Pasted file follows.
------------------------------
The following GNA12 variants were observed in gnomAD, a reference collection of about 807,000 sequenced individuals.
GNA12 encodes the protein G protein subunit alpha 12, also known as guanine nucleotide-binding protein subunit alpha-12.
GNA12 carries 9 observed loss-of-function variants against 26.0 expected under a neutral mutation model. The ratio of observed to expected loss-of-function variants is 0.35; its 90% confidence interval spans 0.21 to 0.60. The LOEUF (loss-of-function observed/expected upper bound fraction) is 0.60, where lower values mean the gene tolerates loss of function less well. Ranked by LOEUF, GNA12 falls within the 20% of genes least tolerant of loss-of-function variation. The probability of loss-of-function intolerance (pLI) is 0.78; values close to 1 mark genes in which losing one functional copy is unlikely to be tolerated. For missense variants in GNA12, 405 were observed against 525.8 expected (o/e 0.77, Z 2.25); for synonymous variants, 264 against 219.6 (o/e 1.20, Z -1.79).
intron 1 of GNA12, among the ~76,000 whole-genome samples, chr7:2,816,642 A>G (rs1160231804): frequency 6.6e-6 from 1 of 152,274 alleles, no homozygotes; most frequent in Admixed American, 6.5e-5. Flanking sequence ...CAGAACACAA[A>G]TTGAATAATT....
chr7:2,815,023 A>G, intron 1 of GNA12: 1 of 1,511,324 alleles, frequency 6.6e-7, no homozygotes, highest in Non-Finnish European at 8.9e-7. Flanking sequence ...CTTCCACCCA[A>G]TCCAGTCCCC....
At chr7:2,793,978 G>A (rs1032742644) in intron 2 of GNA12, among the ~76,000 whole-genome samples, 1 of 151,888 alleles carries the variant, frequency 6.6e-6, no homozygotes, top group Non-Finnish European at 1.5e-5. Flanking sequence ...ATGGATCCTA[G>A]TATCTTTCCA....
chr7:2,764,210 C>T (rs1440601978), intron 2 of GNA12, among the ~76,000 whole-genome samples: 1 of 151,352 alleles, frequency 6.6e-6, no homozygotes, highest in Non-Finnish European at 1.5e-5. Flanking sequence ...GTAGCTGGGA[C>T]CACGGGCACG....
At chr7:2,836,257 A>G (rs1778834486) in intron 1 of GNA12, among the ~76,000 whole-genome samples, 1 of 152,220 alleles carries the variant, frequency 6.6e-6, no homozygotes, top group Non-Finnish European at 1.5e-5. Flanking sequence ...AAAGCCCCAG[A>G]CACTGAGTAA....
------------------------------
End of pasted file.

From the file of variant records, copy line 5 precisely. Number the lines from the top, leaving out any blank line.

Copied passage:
chr7:2,815,023 A>G, intron 1 of GNA12: 1 of 1,511,324 alleles, frequency 6.6e-7, no homozygotes, highest in Non-Finnish European at 8.9e-7. Flanking sequence ...CTTCCACCCA[A>G]TCCAGTCCCC....